For some, it’s the picture of childhood:
holding the hand of a parent as we traipse through bustling crowds under
red and white-striped tents, munching the cotton candy we hold in our
spare hand, trying to keep up with the thundering voice of the announcer
as he broadcasts act after death-defying act. Breathlessly and giddily,
we watch jugglers, flying trapeze artists and acrobats as they defy the
impossible again and again.
Yes, the circus is coming to town – Circus Vargas, to be specific. Only this circus is lacking one thing: the animals.
“We receive many inquiries as to why Circus Vargas’ current
productions do not include animal acts,” said Rolanda Kaiser, director
of public relations. “The creative concept behind the reincarnation of
Circus Vargas has simply been a natural progression in the long and
stellar careers of owners Nelson and Katya Quiroga.”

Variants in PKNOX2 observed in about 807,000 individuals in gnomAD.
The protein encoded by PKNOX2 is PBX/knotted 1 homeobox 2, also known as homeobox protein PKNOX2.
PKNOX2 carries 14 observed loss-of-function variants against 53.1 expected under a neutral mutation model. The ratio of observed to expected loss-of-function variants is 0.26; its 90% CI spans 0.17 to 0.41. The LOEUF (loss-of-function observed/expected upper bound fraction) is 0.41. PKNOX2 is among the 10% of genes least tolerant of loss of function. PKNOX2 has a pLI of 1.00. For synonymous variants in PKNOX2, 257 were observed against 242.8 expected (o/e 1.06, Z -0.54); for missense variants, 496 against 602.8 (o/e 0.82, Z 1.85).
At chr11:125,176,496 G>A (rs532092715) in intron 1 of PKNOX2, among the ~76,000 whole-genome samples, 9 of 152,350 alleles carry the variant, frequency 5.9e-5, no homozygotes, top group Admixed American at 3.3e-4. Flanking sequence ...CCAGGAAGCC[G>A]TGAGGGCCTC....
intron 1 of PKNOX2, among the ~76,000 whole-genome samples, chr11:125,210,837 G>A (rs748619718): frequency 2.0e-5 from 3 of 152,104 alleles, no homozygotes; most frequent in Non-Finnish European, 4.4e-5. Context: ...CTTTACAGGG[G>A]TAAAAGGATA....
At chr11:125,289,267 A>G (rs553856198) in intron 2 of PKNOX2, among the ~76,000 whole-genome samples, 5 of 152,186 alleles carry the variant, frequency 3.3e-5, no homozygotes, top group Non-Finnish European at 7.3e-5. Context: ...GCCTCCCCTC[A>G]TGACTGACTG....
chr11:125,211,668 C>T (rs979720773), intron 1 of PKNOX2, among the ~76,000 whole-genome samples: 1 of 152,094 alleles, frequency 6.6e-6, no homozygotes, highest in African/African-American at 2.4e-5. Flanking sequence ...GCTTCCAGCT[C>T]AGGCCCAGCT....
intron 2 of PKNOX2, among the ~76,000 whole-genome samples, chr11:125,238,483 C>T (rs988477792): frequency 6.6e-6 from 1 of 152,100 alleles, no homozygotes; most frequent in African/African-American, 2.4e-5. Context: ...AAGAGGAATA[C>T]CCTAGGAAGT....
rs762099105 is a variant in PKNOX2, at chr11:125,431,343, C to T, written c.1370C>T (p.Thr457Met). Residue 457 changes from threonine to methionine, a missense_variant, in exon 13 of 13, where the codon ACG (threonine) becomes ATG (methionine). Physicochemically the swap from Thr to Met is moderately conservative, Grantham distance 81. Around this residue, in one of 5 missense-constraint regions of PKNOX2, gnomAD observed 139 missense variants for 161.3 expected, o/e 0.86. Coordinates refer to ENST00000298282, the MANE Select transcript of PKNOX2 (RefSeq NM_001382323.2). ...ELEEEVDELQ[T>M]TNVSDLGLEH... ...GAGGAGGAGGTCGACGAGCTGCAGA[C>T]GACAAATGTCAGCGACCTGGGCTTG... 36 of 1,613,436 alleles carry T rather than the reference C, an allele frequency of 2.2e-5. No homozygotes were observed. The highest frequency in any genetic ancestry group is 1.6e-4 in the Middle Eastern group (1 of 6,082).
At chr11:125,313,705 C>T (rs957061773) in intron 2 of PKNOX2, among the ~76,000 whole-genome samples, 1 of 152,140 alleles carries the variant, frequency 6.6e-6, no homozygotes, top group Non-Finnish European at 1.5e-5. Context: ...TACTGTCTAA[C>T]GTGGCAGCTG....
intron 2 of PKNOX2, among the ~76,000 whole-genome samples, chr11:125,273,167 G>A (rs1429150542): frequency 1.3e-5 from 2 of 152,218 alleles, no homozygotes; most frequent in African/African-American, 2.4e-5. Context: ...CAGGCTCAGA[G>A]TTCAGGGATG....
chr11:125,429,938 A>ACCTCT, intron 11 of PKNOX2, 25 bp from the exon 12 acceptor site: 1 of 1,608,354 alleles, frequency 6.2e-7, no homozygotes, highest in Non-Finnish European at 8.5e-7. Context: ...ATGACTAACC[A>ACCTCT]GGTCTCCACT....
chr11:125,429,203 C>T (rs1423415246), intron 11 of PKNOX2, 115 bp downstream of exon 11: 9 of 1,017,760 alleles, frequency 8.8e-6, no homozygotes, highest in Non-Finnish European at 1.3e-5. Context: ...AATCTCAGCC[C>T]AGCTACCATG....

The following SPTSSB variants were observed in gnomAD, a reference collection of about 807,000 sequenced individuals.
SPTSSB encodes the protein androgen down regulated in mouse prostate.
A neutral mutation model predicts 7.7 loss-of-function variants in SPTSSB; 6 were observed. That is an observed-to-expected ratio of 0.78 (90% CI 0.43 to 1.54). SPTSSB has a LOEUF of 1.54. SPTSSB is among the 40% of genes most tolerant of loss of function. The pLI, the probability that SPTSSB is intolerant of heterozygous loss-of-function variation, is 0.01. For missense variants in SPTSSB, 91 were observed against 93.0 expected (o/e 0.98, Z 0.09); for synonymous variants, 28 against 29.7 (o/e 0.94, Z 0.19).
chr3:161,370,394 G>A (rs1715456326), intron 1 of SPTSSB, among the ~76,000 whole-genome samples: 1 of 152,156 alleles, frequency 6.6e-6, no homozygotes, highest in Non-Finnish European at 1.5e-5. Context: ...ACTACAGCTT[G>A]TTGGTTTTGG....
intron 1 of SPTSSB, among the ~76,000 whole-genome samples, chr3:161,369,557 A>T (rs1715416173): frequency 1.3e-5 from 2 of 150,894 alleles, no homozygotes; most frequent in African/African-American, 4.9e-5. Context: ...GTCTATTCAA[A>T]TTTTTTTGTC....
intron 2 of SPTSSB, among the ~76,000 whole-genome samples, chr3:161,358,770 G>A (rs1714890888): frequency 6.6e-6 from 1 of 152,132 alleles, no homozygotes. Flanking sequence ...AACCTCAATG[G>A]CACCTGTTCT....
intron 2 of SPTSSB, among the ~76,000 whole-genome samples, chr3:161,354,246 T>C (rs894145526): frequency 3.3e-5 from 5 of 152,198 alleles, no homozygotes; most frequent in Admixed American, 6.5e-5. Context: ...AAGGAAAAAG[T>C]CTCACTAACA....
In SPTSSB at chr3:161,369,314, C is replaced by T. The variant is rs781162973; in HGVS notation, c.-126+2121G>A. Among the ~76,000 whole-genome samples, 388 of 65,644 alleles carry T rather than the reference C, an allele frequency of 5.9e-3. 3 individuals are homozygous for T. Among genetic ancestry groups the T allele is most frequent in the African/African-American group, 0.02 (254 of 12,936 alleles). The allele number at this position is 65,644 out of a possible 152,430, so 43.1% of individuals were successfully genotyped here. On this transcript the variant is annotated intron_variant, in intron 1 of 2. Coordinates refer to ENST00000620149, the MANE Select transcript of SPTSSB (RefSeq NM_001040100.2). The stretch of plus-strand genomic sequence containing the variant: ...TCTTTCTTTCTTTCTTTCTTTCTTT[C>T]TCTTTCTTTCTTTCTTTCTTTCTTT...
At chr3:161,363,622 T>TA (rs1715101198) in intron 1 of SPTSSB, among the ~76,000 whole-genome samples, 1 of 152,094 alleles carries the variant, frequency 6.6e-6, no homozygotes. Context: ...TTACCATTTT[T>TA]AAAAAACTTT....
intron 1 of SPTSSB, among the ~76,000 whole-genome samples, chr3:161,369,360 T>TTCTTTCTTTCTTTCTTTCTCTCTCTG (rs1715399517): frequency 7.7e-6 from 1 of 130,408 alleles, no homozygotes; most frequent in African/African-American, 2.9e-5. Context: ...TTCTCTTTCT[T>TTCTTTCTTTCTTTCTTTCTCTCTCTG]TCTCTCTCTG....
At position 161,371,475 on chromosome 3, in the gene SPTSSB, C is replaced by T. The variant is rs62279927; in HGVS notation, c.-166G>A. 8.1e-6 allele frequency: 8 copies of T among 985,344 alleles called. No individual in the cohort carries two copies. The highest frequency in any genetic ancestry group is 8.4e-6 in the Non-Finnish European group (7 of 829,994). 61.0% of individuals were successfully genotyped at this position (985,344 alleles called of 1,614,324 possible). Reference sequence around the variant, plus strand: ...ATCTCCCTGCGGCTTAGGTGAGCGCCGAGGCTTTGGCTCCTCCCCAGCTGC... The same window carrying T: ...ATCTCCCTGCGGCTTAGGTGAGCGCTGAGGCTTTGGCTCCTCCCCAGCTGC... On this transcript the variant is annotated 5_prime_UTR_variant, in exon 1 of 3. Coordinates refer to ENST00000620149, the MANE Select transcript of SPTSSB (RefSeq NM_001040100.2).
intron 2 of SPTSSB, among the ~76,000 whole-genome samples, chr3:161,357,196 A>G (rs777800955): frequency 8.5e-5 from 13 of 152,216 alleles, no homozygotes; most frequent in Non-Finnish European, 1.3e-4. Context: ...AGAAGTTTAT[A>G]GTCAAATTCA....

A veteran acrobat and aerialist, Nelson focuses his work on the acrobatics of the circus. Katya, a former ballerina, focuses on the beauty of movement.
“The current productions, born of their artistic collaboration, are
based on the human aspect of their combined circus experiences and
expertise,” Kaiser said.
Is it really the circus with no animals? For some, it’s even better, because there are no concerns of animal rights being violated – a blemish on the memory of Barnum and Bailey and other circuses.
“Circus Vargas is absolutely circus at its best,” Kaiser said. “It just happens to be animal-free.”
The theme of this year’s Circus Vargas is “Dreaming of Pirates,” and
it promises not to disappoint. Having just finished a stint in
Roseville, the circus will be coming to Folsom’s Lakeside Church Oct. 10
through 14. Attendees are encouraged to come early for a pre-show
celebration, during which children can learn circus skills like juggling
and balancing. Performers will also be available to mingle with
attendees after each performance. General admission tickets start at $15
for children and $25 for adults.
The memory of going to the circus holds the magic of childhood, to be sure, but are we ever too old to enjoy the circus?